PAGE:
“Diversity” can sometimes be viewed as a feel good corporate buzzword. But it is absolutely imperative from a business/marketing perspective. For a customer-centric organization to out-innovate, out-maneuver and win in today’s marketplace, it must have an internal organization made up of diverse employees who model the very customers it aims to serve. A diverse workplace — both in ideas and backgrounds — ensures companies can quickly, efficiently and authentically rally to meet rapidly evolving consumer needs in innovative and sometimes provocative ways. We asked Gabriella Giglio, EVP Global Human Resources at American Express, to explain how diversity is driving the bottom line for the top advertiser.
Brandon Gutman: How has American Express taken its commitment to diversity and turned it into a tangible marketing strategy?
Gabriella Giglio: We have a current example that launched earlier this summer and is in market now. At American Express, our LGBT (lesbian, gay, bisexual and transgender) community employee network – “PRIDE” – recently took a new look at some existing business assets. The result is a marketing program that’s driving consumer and merchant engagement.
The program, which launched in May is called “Shop Small Provincetown.” It’s a first-of-its kind initiative designed to help the more than 700 local merchants in this popular Cape Cod, Massachusetts, destination expand their business and connect with their customers, many of whom are part of the LBGT community.
How did you bring the Shop Small Provincetown program to market – what are the core elements?
It’s been a two-phased process. In preparation for this peak-season Cardmember program, PRIDE members led a “Merchant Walk.” They opened up a dialogue between American Express and nearly 200 shop-owners. The team also offered a free social media workshop with experts from Twitter and American Express, to help merchants use the platforms to better promote their businesses. And PRIDE continues to roll out the program through August with a special offer on Twitter that allows Cardmembers who sync their cards and Tweet the hashtag #AmexPtown to get a $20 statement credit when they spend $20 at a local merchant. The pilot is rounded out with a Human Rights Campaign partnership and sponsorships of local events like the Provincetown International Film Festival.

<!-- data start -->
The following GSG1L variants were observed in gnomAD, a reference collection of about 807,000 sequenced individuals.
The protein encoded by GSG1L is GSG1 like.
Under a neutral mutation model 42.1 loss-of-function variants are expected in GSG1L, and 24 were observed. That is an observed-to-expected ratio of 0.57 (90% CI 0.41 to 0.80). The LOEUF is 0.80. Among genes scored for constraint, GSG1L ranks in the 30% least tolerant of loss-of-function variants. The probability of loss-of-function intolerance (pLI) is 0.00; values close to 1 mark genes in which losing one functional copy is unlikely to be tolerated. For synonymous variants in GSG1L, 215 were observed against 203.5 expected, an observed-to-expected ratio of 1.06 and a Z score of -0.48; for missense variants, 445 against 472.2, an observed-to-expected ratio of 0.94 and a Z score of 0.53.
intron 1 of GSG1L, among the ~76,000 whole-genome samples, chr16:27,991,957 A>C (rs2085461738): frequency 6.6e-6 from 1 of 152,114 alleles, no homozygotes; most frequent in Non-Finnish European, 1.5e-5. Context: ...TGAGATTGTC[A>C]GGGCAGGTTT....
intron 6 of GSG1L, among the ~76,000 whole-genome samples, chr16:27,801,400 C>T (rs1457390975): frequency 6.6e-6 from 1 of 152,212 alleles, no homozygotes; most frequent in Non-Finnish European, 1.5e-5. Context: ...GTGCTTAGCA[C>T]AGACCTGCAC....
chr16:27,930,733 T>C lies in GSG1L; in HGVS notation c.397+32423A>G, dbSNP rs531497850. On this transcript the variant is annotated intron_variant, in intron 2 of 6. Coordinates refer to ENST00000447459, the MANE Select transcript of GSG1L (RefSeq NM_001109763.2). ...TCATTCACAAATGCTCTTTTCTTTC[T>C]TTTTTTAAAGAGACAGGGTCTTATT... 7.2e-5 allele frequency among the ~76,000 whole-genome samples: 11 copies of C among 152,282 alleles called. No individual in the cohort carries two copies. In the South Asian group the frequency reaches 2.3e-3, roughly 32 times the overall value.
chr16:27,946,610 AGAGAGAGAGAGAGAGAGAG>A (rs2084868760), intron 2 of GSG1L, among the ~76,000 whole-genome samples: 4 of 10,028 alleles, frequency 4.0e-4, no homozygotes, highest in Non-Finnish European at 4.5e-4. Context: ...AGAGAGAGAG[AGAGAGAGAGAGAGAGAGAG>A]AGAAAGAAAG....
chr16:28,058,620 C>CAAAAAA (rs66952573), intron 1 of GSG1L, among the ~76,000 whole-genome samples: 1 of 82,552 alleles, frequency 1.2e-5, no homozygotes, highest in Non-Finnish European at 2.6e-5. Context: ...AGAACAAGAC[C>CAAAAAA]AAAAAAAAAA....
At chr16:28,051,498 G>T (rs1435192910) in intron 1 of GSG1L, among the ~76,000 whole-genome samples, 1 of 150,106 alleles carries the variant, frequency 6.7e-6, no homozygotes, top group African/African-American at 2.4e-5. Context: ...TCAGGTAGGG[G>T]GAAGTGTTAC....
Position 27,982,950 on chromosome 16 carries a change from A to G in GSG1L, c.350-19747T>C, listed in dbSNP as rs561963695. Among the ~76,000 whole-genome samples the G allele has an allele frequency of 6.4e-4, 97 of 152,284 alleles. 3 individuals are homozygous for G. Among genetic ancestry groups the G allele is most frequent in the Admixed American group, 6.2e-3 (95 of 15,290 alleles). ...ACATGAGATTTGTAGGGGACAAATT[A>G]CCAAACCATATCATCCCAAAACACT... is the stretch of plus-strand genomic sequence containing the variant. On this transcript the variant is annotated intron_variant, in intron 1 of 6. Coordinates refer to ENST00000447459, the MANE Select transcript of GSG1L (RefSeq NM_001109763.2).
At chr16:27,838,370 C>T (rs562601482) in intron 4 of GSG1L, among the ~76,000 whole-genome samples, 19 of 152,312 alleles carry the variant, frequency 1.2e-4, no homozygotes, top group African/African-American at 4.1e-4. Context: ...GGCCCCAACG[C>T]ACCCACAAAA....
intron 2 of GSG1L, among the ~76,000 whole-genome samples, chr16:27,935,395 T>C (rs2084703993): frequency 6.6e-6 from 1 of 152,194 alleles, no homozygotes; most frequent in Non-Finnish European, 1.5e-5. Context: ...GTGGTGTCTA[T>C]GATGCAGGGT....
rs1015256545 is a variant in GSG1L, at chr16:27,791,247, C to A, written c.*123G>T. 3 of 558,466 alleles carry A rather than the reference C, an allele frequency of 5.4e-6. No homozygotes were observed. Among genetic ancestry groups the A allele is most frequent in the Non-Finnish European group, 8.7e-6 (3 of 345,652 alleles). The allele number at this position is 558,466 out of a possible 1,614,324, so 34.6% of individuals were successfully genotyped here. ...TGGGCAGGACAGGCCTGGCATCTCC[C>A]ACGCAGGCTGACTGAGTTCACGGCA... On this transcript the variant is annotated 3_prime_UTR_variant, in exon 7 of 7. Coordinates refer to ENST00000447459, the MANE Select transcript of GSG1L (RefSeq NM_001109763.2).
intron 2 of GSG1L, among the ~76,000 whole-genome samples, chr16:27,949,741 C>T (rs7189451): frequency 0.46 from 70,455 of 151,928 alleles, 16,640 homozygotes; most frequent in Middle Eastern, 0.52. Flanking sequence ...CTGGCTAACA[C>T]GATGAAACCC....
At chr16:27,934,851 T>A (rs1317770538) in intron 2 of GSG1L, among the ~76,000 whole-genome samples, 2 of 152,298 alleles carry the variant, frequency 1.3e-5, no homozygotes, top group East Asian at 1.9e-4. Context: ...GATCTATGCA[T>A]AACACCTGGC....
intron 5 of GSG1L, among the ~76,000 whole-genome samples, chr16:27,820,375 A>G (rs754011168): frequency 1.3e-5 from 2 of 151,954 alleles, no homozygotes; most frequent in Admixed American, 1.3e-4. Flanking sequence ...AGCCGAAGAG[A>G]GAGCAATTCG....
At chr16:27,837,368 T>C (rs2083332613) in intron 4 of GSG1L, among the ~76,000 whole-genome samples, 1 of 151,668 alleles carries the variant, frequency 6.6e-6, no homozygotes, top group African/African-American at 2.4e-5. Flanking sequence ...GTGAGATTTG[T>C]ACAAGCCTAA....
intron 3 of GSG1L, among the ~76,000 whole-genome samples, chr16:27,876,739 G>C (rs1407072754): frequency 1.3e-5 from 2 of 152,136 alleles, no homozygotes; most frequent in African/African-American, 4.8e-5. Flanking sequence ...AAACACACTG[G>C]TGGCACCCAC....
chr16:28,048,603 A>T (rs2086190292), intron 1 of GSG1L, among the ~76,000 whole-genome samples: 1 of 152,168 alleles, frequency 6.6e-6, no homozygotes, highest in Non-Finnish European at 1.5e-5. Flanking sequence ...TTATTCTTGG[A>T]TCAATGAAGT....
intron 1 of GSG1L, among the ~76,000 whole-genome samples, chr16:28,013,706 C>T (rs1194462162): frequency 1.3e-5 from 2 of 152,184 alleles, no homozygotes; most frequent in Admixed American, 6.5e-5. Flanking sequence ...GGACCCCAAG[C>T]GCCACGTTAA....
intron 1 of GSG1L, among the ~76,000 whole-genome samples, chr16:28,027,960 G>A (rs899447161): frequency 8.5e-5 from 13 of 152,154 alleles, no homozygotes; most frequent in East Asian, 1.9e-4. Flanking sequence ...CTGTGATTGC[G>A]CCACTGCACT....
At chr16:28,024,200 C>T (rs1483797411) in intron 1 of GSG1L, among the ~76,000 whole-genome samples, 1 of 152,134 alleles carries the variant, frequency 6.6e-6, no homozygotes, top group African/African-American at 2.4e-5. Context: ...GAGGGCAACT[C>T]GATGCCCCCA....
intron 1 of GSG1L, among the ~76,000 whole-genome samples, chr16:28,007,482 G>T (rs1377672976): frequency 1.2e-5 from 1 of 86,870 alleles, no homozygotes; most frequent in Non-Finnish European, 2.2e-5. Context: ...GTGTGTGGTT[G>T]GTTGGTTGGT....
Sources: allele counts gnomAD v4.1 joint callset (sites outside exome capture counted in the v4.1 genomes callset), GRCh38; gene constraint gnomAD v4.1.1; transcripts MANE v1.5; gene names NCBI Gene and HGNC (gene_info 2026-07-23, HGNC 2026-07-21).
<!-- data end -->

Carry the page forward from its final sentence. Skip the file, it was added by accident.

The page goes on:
In a just a few months’ time, the program has taken off – resonating with consumers and merchants.
So how did this little idea become a big win? And how could other brands tap into the their diverse employee base to drive bottom line results?
There are a few common themes that emerged during the process of bringing Shop Small Provincetown to market – and you can look at them as five steps that could apply to marketers universally.
1. Make Your Employee Networks about Marketing – Not Just Mixers. At American Express, we want these groups to foster a sense of community among our diverse employee base. But we also charge them with helping to solve real business challenges. Networks like PRIDE are made up of employees from across the organization. And when empowered, they can serve as an agile, cross functional task force – delivering creative, tangible solutions.
2. Keep an Open Door and an Open Mind. Some of the best ideas come from the most unexpected places. For example, the Shop Small Provincetown program came to light during the Q&A portion of an internal town hall. And because the PRIDE network has access to executive sponsors and senior leadership, the concept gained traction and went from being just an idea in a meeting to a reality in the market.
3. Change the Tire; Don’t Reinvent the Wheel. Encourage employee networks to take a look at existing brand assets and find ways to refine, re-skin and renew them so they resonate. In the case of Shop Small Provincetown, the PRIDE network leveraged some of our most highly visible assets – the Shop Small movement that’s anchored by Small Business Saturday; and our sync offer ecosystem that comes to life on Facebook, foursquare and Twitter. By tapping into the equity we already have in these programs, we were able to get into market quicker and more effectively.
4. If You Can’t Speak the Language, Don’t Fake the Accent. Consumers are savvy – and when working to reach new and diverse segment groups, you have to keep your approach and solutions authentic to the market segment needs and your brand assets. By having and tapping into a diverse talent pool, you can get real-time direction and feedback from your target audience on what strikes a chord and what falls flat.
5. Start Small but Think Big: Programs like Shop Small Provincetown can start off as pilots – but they need to be developed with an eye towards scale if you want them to take off. In this case, the PRIDE network developed a program framework that could be easily replicated and scaled in markets around the world.
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